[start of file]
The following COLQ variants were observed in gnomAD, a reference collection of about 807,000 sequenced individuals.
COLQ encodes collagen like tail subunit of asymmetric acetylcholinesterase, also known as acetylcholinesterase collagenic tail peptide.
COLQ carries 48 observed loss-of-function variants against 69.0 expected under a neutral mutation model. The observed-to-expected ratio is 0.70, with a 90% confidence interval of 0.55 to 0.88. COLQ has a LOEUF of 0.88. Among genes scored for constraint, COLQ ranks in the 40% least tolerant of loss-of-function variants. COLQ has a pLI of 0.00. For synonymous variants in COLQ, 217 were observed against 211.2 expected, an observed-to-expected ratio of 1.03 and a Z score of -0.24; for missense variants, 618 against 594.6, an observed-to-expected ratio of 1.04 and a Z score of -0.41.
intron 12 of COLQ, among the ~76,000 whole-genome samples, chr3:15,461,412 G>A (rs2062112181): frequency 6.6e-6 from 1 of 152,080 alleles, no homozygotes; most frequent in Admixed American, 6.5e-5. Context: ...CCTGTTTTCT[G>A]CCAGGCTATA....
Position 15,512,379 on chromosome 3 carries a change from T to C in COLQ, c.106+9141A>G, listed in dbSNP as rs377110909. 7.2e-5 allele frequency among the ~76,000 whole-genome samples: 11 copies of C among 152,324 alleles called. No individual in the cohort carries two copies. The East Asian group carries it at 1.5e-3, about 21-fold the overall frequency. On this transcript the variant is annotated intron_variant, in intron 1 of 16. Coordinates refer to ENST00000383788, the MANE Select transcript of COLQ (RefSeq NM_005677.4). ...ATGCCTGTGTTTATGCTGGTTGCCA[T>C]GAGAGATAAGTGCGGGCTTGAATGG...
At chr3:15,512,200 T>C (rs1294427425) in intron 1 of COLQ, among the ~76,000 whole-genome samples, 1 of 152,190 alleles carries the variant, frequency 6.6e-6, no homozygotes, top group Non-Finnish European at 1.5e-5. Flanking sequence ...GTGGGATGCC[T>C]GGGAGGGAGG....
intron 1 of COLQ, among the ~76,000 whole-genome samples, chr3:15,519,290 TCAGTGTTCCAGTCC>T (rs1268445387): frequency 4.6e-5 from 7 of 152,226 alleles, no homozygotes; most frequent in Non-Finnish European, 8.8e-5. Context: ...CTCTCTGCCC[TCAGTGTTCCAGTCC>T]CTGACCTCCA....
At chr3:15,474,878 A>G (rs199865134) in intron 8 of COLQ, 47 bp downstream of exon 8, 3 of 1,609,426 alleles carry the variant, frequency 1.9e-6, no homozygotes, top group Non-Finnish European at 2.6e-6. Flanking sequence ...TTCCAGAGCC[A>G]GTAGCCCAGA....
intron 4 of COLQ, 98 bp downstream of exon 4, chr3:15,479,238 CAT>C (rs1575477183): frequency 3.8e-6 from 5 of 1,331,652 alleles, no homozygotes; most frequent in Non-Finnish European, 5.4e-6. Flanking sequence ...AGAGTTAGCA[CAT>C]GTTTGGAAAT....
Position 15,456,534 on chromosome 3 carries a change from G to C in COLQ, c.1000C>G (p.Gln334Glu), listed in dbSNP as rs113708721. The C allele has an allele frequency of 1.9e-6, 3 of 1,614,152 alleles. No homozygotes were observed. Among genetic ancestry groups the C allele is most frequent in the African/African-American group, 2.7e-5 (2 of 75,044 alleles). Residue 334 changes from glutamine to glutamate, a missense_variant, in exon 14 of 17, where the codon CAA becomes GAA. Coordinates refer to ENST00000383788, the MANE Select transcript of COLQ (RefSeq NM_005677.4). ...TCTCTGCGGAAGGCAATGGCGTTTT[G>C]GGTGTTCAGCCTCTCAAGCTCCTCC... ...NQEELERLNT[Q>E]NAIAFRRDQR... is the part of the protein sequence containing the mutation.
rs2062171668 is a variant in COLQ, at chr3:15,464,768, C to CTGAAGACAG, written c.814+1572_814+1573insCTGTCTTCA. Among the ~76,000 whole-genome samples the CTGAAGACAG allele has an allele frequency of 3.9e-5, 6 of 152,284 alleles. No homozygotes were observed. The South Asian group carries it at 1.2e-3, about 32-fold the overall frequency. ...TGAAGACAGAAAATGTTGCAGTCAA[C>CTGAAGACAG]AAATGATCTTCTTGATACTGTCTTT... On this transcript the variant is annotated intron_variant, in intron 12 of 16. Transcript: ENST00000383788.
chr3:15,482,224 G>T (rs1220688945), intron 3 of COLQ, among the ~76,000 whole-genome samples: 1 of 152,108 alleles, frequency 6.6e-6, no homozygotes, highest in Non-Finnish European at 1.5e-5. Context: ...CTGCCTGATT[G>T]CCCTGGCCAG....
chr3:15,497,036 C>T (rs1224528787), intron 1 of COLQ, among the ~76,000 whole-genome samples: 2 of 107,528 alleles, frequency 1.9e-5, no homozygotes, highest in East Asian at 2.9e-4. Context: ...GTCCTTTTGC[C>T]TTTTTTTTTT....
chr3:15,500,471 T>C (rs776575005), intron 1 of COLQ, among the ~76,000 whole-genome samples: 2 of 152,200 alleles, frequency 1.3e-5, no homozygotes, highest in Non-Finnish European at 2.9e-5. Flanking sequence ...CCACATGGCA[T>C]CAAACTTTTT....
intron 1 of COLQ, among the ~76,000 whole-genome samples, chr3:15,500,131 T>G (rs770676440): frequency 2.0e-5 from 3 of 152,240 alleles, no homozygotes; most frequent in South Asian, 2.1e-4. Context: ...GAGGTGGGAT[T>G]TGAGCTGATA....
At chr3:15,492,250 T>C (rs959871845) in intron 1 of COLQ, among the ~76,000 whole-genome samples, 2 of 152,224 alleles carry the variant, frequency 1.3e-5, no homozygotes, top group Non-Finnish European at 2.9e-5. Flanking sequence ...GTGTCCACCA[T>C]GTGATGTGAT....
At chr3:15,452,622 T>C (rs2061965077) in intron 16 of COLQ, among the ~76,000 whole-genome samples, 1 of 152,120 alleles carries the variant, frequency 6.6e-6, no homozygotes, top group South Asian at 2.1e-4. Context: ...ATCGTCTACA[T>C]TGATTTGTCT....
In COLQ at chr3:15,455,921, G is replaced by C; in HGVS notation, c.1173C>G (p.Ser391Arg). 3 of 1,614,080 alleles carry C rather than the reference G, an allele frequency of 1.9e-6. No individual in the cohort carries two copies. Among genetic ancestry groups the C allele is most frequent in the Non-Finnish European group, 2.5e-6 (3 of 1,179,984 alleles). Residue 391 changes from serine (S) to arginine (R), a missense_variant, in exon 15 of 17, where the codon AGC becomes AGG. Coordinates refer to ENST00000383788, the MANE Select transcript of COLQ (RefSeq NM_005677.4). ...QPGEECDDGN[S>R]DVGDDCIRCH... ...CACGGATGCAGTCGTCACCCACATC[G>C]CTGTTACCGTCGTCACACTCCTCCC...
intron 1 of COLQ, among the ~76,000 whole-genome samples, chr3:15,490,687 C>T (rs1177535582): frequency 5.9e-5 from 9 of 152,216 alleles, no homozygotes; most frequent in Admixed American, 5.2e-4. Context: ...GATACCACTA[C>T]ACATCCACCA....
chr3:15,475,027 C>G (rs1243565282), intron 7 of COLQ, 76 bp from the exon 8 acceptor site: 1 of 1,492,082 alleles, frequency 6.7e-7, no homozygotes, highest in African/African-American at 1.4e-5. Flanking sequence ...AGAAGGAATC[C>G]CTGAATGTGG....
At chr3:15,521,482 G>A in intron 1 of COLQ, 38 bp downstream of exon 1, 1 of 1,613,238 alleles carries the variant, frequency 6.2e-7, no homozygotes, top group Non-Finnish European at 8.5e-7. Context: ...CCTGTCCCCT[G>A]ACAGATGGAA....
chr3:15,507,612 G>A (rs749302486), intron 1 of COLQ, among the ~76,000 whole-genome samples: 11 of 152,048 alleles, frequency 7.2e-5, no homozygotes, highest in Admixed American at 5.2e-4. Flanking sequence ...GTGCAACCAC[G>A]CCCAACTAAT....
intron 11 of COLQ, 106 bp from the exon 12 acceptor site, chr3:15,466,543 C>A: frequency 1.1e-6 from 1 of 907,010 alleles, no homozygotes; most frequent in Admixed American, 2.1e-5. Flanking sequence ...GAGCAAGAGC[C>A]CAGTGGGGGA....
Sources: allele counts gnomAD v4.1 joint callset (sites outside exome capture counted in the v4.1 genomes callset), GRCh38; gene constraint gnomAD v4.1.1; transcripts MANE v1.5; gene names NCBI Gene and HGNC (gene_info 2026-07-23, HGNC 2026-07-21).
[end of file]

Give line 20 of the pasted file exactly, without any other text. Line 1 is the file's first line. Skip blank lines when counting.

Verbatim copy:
chr3:15,475,027 C>G (rs1243565282), intron 7 of COLQ, 76 bp from the exon 8 acceptor site: 1 of 1,492,082 alleles, frequency 6.7e-7, no homozygotes, highest in African/African-American at 1.4e-5. Flanking sequence ...AGAAGGAATC[C>G]CTGAATGTGG....